Winemaking on the island has always been on a very small scale. Economics demanded small outputs and the market viewed Viinamarisaar wines as a rare find, resulting in very good prices. Viinamarisaar exclusively produces "ice wine". Ice wine is made from grapes picked while frozen and crushed while frozen. Most of these grapes are sold to wineries wholesale.
During a typical year about 400 cases of 375 ml. bottles of Viinamarisaar ice wines are produced on the island. Ice wines are made from the Vidal Blanc grape. The wine generally fetches about 300 Euros per case through direct sale from the island. Unfortunately, direct sales to individuals are not permitted. Buyers must be licensed companies. Visitors to Viinamarisaar, however, can purchase the wine at generally around 25 Euros per bottle.
The wine is called a 'new wine' and it is intended to be consumed after purchase. The alcohol level is 11.5%.
The island still operates as a farm cooperative in some respects. While land is now owned by families, a central organization oversees the marketing of Viinamarisaar grapes and wines. The organization secures good prices on the items needed to operate a vineyard. This includes hired specialists. All landowners are members of the cooperative. All employees on the island work for the cooperative in lieu of the landowner.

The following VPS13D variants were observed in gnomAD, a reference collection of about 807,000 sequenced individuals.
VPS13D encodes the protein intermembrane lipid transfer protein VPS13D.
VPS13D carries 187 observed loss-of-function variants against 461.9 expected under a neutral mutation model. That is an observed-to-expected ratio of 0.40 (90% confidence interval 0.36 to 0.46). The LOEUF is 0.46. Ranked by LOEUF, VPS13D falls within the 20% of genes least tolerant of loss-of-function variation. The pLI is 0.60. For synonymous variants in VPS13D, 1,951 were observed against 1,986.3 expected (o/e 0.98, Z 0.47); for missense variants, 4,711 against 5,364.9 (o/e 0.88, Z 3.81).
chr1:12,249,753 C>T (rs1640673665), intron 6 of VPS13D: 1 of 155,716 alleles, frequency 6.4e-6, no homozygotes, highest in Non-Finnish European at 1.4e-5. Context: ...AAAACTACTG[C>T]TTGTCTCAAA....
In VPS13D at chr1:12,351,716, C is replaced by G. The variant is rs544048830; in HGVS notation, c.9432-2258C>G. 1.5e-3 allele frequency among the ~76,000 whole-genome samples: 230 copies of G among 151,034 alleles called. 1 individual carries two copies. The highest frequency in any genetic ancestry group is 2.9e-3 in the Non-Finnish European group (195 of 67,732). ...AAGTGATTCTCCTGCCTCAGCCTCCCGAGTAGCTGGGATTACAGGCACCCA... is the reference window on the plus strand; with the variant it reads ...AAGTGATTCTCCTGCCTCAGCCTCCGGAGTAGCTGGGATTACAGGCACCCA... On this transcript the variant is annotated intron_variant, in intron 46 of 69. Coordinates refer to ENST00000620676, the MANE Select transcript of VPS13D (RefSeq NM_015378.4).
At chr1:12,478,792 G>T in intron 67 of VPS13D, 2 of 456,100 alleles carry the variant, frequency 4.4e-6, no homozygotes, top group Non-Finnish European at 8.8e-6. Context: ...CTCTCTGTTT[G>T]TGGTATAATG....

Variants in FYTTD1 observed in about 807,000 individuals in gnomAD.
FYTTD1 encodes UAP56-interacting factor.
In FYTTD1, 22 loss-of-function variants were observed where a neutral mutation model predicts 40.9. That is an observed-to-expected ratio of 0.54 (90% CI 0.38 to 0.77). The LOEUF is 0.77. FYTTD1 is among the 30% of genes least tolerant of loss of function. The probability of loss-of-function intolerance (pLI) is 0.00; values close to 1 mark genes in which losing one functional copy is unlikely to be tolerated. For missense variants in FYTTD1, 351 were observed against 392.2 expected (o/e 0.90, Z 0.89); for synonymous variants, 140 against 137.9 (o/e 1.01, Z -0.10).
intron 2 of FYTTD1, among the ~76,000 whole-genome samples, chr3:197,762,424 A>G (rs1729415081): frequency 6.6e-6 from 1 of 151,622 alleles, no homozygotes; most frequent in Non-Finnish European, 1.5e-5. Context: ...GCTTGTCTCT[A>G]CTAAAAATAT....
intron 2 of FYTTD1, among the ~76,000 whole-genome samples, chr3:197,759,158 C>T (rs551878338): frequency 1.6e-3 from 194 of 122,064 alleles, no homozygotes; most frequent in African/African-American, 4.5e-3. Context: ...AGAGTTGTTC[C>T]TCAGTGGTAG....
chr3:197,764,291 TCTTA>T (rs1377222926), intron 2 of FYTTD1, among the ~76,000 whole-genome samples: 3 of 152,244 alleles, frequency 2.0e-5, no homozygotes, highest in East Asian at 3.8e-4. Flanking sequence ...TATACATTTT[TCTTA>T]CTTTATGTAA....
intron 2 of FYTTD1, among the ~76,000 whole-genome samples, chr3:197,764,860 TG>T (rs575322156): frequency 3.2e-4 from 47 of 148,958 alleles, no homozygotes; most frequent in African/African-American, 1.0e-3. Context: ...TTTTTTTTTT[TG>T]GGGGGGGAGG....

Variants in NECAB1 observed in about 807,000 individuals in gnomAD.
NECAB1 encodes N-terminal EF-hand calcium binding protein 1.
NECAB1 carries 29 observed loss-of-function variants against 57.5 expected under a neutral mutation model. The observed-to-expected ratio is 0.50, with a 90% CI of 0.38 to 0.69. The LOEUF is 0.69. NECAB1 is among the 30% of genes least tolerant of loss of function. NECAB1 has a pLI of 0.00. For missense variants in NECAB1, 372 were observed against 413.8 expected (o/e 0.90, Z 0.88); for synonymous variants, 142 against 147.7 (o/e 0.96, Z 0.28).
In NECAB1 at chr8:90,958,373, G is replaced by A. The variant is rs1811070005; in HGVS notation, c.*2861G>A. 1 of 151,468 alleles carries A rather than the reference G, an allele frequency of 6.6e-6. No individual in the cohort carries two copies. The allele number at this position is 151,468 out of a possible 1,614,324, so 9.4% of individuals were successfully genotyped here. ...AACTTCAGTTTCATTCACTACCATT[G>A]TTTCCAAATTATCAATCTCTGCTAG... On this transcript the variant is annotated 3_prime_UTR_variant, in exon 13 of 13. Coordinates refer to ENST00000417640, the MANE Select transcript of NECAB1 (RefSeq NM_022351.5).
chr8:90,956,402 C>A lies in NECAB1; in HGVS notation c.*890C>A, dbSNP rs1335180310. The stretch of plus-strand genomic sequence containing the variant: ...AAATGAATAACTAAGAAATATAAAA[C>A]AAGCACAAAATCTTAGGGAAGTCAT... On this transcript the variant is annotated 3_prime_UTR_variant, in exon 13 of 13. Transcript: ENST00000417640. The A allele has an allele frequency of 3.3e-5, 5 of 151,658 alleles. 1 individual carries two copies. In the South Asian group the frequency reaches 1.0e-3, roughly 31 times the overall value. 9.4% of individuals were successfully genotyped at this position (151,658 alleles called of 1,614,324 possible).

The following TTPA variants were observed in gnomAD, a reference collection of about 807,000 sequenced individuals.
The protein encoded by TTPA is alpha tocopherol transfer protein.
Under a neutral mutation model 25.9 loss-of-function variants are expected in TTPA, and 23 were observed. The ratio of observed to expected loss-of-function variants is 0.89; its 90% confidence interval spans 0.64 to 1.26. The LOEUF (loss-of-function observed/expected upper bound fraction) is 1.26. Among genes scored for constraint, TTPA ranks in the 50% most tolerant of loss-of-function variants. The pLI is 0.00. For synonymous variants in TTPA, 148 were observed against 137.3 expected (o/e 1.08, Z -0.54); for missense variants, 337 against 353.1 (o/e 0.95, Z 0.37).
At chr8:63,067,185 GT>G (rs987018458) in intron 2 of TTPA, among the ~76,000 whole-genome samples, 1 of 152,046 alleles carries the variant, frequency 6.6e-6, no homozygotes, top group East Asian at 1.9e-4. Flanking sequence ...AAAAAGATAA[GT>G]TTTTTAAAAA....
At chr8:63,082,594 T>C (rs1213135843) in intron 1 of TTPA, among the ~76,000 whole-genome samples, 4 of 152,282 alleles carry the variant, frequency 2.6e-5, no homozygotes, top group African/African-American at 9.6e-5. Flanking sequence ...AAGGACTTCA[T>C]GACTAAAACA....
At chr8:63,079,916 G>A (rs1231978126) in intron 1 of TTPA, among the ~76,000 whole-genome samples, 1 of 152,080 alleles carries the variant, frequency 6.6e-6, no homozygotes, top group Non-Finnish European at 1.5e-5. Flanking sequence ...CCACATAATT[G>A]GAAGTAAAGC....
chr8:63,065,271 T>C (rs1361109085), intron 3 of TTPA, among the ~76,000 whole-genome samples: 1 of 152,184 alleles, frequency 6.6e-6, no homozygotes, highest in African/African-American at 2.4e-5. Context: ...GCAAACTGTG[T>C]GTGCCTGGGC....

With no bank on the island, the availability of money is limited. After all, cooperative bank accounts are off-shore and those buying Viinamarisaar products use a more efficient mode of payment than cash.
The cash shortage was met with a local currency that can be exchanged on the island or even cashed in at the cooperative office for a paper cheque if going off the island. Initially, after the collapse of the Soviet Union, the paper notes were deemed worthless but after the newly formed cooperative found a couple of markets for the products produced on Viinamarisaar, the notes were considered a local currency, especially when the cooperative would gladly write a cheque for those notes cashed in.
Initially crudely made paper notes denominated in Aspers were circulated. These ranged from thin white notes to sturdy paper chits not much more than about an inch square. Several other styles were circulated as needed. Few have survived the last decade.
Wooden tokens appeared several years ago to replace paper notes. The last of these were denominated in Krooni. Like the paper notes, the wooden coinage is becoming harder to find each year.